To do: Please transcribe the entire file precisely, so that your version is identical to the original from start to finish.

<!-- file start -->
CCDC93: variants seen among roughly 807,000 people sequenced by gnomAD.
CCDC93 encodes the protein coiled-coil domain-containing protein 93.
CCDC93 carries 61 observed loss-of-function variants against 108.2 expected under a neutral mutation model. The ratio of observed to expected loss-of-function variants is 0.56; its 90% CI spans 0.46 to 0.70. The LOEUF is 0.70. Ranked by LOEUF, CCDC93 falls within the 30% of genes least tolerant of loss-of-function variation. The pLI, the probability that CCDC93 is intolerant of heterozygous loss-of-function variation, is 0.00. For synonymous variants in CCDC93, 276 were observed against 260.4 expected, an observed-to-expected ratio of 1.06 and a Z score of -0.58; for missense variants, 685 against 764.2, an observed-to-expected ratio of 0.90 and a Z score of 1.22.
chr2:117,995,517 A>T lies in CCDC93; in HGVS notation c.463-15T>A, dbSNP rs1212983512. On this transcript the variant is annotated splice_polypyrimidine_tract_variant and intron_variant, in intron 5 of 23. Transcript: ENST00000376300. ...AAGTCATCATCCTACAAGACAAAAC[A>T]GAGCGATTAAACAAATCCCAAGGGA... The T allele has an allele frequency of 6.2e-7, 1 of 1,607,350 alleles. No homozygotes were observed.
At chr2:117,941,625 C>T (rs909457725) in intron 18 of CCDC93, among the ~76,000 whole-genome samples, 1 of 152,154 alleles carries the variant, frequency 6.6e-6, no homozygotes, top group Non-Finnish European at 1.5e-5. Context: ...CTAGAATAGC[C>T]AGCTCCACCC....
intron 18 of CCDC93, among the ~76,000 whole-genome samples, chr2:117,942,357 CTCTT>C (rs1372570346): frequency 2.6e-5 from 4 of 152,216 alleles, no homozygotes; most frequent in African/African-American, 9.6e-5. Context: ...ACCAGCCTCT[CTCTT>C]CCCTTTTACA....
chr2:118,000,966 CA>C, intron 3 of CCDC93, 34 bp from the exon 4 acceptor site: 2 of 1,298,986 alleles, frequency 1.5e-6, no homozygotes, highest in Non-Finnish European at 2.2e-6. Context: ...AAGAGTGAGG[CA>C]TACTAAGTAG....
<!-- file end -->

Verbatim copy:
CCDC93: variants seen among roughly 807,000 people sequenced by gnomAD.
CCDC93 encodes the protein coiled-coil domain-containing protein 93.
CCDC93 carries 61 observed loss-of-function variants against 108.2 expected under a neutral mutation model. The ratio of observed to expected loss-of-function variants is 0.56; its 90% CI spans 0.46 to 0.70. The LOEUF is 0.70. Ranked by LOEUF, CCDC93 falls within the 30% of genes least tolerant of loss-of-function variation. The pLI, the probability that CCDC93 is intolerant of heterozygous loss-of-function variation, is 0.00. For synonymous variants in CCDC93, 276 were observed against 260.4 expected, an observed-to-expected ratio of 1.06 and a Z score of -0.58; for missense variants, 685 against 764.2, an observed-to-expected ratio of 0.90 and a Z score of 1.22.
chr2:117,995,517 A>T lies in CCDC93; in HGVS notation c.463-15T>A, dbSNP rs1212983512. On this transcript the variant is annotated splice_polypyrimidine_tract_variant and intron_variant, in intron 5 of 23. Transcript: ENST00000376300. ...AAGTCATCATCCTACAAGACAAAAC[A>T]GAGCGATTAAACAAATCCCAAGGGA... The T allele has an allele frequency of 6.2e-7, 1 of 1,607,350 alleles. No homozygotes were observed.
At chr2:117,941,625 C>T (rs909457725) in intron 18 of CCDC93, among the ~76,000 whole-genome samples, 1 of 152,154 alleles carries the variant, frequency 6.6e-6, no homozygotes, top group Non-Finnish European at 1.5e-5. Context: ...CTAGAATAGC[C>T]AGCTCCACCC....
intron 18 of CCDC93, among the ~76,000 whole-genome samples, chr2:117,942,357 CTCTT>C (rs1372570346): frequency 2.6e-5 from 4 of 152,216 alleles, no homozygotes; most frequent in African/African-American, 9.6e-5. Context: ...ACCAGCCTCT[CTCTT>C]CCCTTTTACA....
chr2:118,000,966 CA>C, intron 3 of CCDC93, 34 bp from the exon 4 acceptor site: 2 of 1,298,986 alleles, frequency 1.5e-6, no homozygotes, highest in Non-Finnish European at 2.2e-6. Context: ...AAGAGTGAGG[CA>C]TACTAAGTAG....